“Sure, Fianna Fail and Bertie Ahern, they stand for nothing!” I said.
He pondered for a second before replying.
“That’s not true. They are the party of Government. That’s what they do. So they stand for everything.”
We need to re-order our phraseology. When the term ‘permanent government’ is used, it refers to the civil service. But in Ireland it could almost mean Fianna Fail. The party has been in government for all of 75 years now, save for a couple of interruptions. And failing some mid-term disaster, its latest run will have been for a full quarter century minus the two and a half years of the Rainbow.
How does FF and Bertie Ahern do it? What is the trick they use? Does the anorak turn itself inside out to reveal a magic multi-coloured dreamcoat? Not quite. But like racing pigeons, Fianna Fail has its own version of an inbuilt homing device that makes sure it reaches its rightful destination – Government Buildings, 1 Merrion Street, Dublin 2.
Over the past 15 years, it has swayed a bit to the left (to accommodate Labour), a little bit to the right (for the PDs) and a little bit to the left again when Ahern (ingeniously) copped on that Charlie McCreevy, in the eyes of the Irish electorate, was beginning to look more Boyzone than Westlife.
So he was ditched. A long way out – as far back as its think-in in Sligo in September 2005 – Fianna Fail decided that what would win the election was what every other government or prospective government use to win elections – the economy.
And it was the economy that ultimately won it the election, with a dollop of the ‘caring and sharing’ strategy that came post-McCreevy. It out-trumped the referendum on health. It out-trumped the media’s exposure of Ahern’s credibility gaps. It out-trumped the so-called crime crisis. It out-trumped all the quality of life issues that had parents hold parties for their kids at 6.30 in the morning before getting ensnared in traffic, congestion and 24-7 hassle.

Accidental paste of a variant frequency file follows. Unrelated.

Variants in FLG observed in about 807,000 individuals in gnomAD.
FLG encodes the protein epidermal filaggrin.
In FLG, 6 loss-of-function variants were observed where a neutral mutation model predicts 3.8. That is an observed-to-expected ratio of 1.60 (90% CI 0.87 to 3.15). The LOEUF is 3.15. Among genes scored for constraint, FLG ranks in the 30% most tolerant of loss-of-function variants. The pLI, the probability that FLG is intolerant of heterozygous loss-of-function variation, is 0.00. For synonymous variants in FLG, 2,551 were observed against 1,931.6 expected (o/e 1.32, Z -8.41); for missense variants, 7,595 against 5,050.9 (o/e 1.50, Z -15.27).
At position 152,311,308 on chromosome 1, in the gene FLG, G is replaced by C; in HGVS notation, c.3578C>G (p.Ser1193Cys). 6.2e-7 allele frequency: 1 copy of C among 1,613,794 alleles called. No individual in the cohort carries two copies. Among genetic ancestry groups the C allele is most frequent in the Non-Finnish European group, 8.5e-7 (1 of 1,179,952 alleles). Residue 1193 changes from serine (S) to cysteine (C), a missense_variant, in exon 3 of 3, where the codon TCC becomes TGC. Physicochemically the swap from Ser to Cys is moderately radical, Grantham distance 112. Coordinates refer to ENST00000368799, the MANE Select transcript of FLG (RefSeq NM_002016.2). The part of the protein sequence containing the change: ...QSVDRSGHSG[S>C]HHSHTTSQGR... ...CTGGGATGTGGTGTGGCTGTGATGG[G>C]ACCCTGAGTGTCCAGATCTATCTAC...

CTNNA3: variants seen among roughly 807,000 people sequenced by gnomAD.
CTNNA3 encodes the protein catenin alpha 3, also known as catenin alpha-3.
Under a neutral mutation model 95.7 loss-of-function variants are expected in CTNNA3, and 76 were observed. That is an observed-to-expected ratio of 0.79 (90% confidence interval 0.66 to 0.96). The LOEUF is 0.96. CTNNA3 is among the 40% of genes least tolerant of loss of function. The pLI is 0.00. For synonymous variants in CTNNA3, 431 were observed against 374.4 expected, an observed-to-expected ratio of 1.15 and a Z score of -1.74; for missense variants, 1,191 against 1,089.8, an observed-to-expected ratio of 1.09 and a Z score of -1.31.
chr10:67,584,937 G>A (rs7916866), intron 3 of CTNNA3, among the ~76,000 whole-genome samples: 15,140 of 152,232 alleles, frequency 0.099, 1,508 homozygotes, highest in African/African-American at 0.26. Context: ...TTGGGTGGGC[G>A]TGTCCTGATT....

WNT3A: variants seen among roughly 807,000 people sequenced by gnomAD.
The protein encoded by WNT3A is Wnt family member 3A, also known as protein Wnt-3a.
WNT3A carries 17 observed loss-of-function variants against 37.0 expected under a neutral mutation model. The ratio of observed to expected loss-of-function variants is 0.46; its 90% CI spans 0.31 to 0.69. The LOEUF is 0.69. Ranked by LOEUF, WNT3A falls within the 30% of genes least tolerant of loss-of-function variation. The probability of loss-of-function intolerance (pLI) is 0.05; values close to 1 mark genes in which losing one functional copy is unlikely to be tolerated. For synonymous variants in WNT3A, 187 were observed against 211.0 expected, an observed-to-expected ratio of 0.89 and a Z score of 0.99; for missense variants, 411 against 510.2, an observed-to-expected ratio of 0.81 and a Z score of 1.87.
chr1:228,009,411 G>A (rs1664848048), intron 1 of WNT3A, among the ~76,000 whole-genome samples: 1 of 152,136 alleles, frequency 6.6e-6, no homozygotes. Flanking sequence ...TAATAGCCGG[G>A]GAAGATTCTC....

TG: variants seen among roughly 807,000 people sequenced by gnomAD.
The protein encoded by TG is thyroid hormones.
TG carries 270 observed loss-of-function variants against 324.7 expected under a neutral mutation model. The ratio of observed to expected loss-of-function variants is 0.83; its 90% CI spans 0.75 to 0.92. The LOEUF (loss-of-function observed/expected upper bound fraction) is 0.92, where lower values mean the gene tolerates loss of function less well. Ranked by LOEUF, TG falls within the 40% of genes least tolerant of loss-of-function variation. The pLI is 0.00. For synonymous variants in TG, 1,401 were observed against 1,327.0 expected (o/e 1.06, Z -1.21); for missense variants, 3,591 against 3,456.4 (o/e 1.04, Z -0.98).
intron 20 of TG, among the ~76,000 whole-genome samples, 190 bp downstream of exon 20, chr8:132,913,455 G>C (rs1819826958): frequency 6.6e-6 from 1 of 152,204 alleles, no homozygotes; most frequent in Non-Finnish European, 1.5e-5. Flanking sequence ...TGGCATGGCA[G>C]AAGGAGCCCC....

It’s been pointed out before but where FF won most spectacularly was where all those problems were supposedly at their worst, in Dublin and in the constituencies that necklace the capital. Fianna Fail supporters now include a new genus, or class of human being. In the Thatcherite eighties, it was called Sierra Man... the working class man who was able to afford a Ford Sierra thanks to Thatcherism.
Our version here is called Breakfast Roll Man, as Ivan Yates neatly coined it - the guy with his own house in the suburbs (mostly far-flung) who has done alright from Celtic Tiger Ireland, but works very hard for it (hence the early morning breakfast roll) and worries that it may all disappear.
Last weekend, Bertie Ahern pointed out that he was now the father of the European Council. There was a teensy-weensy bit of self-preening there, a subtle reminder that he outlasted Schroeder; Berlusconi; Chirac and even Blair.
Looking at it from the outside, the most solid possible combination, numbers-wise, would be a link-up with the Greens, the two remaining PDs, with the two ex-FF independents thrown in. But that involves a few problems that may prove to be insuperable. Going in with the Greens would mean forfeiting at least one more ministry on top of the one given to Harney.
For me, there would be an attraction to the Greens being there – because sometimes you suspect FF’s policies in on the environment sound like nought but mouth (or should that be nil by mouth?). But then there’s an antipathy to the Greens that extends from its rural backbenchers to the two men at the helm, Ahern and Brian Cowen - both of whom have railed against the Green’s criticisms of FF’s relationship with the construction industry.
For them, to echo Ciaran Cuffe, treating with the Greens would be a deal with a devil. However, there are a few others – notably Dermot Ahern and Noel Dempsey – who would be more enthusiastic about a coalescing.
What FF really want is a long-lasting government that is tribunal-proofed. But that’s where the real problem lies. Sure Ahern has seen off Tribunal accusations twice – emphatically both times. But you can’t get away from it – there’s a discrepancy between his last statement and the Tribunal’s opening statement this week. He says Celia Larkin lodged 30 grand sterling. The bank branch’s own records show only £1,900 sterling came in that day.
That’s a major problem. And in the normal course of events, you would expect the PDs to raise it. But there’s nothing normal about the situation the PDS find themselves in. The party’s quandary is can you afford a moral conscience when the name of the game is survival? This will also pose difficulties for the Greens, should they be asked to the party. Will they look for assurances, or be content to await Ahern’s evidence to the Tribunal?
Sure, Ahern has had two whopping wins on this issue. But Haughey saw off his detractors in spectacular fashion before limping out tamely in the end. If it drags on, there’s a chance that Ahern’s legs will begin to go and he will find that he – like all the others – is obsolescent. Remember it’s a party of permanent government not of permanent leadership.
A version of this appeared in this mornings Irish Examiner